Coming from the Orange one in 2020 "Minority Force".

      1. Claptrap314 Silver badge

        You must be a special kind of stupid to think that this problem goes away with a change of administration. Who was President the last time this happened?

        1. Michael Wojcik Silver badge

          And even a POTUS who was strongly pro-encryption (already highly unlikely) would face tremendous resistance within the executive branch and from Congress.

          Most of the current judicial branch doesn't seem particularly likely to support encryption for citizens either; certainly the FISC Star Chamber is more than happy to roll over when any intelligence agency says "boo", and I don't expect the last couple of SCOTUS appointees to do anything much to reign in the police state.

          Barr (and by extension his nominal boss) is part of the problem here, but removing him and other senior players in the administration wouldn't change much.

    2. Richard Parkin

      @gnasher729 Exactly! And it sounds like they may have done it again since the report says they’ve tried to access the phone’s ‘contents’. The account and the iCloud backups are probably all locked and inaccessible even to Apple.

    3. Anonymous Coward
      Anonymous Coward

      Where did you hear this?

      Trying to access data on iCloud doesn't render it inaccessible, certainly not inaccessible to Apple.

      The San Bernadino shooter didn't have any iCloud data, they wanted to access his phone but they couldn't just go trying passcodes because of an increasing delay after each attempt and possibly (depending on configuration by the user) erasing the whole device after 10 failed attempts.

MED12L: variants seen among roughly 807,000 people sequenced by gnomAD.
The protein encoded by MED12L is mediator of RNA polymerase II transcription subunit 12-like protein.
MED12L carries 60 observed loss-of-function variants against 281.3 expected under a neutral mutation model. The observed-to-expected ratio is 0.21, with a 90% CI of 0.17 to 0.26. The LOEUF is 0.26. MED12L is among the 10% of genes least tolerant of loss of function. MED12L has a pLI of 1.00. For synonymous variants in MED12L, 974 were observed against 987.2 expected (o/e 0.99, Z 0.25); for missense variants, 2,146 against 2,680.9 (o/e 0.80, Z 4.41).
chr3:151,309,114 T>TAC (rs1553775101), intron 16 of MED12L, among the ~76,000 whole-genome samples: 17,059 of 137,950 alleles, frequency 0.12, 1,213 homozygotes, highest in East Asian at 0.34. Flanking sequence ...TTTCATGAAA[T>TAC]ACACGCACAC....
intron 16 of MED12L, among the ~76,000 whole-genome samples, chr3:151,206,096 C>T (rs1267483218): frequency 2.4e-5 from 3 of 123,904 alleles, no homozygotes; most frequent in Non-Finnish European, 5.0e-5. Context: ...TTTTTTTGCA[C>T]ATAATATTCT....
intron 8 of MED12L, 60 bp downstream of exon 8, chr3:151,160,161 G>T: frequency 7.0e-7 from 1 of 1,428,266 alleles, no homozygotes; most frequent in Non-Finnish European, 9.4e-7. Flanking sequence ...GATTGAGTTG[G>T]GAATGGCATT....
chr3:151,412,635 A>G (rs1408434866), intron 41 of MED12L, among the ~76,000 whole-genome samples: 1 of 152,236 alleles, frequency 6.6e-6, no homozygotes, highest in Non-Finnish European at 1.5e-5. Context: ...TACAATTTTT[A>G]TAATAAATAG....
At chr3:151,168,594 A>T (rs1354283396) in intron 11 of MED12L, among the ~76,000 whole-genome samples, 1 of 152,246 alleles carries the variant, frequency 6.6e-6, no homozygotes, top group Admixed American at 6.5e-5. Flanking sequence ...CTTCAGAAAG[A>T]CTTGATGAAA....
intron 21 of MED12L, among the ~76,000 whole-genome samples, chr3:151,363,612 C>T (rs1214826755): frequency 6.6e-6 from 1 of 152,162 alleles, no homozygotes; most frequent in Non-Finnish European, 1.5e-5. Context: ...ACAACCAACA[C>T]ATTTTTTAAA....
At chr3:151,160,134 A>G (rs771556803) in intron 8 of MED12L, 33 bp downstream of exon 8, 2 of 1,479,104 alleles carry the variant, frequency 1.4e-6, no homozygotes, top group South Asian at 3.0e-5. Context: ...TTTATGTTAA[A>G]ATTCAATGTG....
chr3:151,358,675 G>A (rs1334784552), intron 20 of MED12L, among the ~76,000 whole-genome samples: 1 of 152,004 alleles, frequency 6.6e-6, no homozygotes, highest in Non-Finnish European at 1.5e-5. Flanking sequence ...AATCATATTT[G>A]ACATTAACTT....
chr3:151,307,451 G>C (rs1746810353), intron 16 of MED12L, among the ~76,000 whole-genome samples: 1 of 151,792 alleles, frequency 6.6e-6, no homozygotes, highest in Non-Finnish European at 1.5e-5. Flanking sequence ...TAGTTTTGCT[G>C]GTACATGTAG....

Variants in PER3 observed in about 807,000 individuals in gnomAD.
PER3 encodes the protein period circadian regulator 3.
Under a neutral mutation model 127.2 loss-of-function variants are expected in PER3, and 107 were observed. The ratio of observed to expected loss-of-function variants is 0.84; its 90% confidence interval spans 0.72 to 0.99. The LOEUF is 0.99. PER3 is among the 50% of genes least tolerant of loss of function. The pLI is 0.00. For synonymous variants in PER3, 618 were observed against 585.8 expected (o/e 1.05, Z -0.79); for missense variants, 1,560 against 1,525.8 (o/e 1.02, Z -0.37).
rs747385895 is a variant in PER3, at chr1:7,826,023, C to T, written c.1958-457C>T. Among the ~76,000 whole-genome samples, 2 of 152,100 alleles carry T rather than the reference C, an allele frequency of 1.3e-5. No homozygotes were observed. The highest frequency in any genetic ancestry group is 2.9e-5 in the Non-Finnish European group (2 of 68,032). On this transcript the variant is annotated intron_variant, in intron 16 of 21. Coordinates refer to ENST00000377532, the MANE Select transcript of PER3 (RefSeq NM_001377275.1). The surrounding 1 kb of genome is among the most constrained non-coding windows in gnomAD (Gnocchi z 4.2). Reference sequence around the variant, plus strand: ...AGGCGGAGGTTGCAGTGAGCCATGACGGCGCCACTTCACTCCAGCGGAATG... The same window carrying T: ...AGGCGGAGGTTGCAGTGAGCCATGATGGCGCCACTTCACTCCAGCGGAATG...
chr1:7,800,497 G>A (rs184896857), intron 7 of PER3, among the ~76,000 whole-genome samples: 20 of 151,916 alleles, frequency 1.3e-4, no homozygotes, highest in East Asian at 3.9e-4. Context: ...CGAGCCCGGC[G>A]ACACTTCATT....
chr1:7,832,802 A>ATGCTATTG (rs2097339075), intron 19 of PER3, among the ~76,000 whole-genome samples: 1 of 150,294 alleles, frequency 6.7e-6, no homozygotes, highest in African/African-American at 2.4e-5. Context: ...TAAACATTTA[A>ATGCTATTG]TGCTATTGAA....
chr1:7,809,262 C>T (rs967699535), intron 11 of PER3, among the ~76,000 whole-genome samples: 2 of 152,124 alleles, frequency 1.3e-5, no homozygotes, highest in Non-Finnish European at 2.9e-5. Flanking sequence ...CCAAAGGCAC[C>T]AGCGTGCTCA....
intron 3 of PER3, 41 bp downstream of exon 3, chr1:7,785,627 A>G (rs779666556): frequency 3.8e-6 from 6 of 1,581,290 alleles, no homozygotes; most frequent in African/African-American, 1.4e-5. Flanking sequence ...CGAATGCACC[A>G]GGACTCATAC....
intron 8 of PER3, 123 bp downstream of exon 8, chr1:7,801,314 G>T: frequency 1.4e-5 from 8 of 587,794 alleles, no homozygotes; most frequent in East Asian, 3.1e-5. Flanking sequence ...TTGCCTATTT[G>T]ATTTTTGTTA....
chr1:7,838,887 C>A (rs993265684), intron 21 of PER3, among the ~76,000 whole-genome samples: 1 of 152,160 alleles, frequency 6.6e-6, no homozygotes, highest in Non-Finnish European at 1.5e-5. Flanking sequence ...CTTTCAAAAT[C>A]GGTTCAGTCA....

They wanted Apple to craft a special iOS update just for this phone that they could load in "DFU mode" with an attached USB cable that would bypass the limits on the number of passcodes they could try (or maybe bypass the passcode altogether, though I'm not sure that was possible then - and definitely isn't possible now with the way the Secure Element works)

      Apple has always had access to your iCloud data - it is encrypted at rest so employees can't just go snooping it but if they get a court order they can produce it in unencrypted form. Most of it at least, I think some of it is double encrypted and only the user's phone can access it but stuff like text messages, call history etc. is not double encrypted and thus can be made available by Apple to a court order.

    4. MrReynolds2U

      If you phone (any brand) is setup to receive auto updates for certain apps or security updates, it's not an arduous task to gain access if you happen to control the app store or OS itself. Plus there are still ways to change phone configurations like APN via special SMS messages, or you can simply create a local tower and MITM any connections.

  7. Anonymous Coward
    Anonymous Coward

    Compliance statement

    Dear FBI,

    Thank you for your legally binding request that we break the encryption on iPhone #<REDACTED>. We are in the process of complying with your request. ETTC (Estimated Time To Crack) is now approximately 4 million 321 thousand 839 years 300 days 14 hours 6 minutes and 52 seconds. We will update you on progress once every thousand years or so.

    Regards, Apple Inc.

    1. Aleph0

      Re: Compliance statement

      P.S.: estimated electricity cost will be 65.83 quintillion dollars. Who do we bill for that?

      1. Franco

        Re: Compliance statement

        "Who do we bill for that?"


    2. Robert Heffernan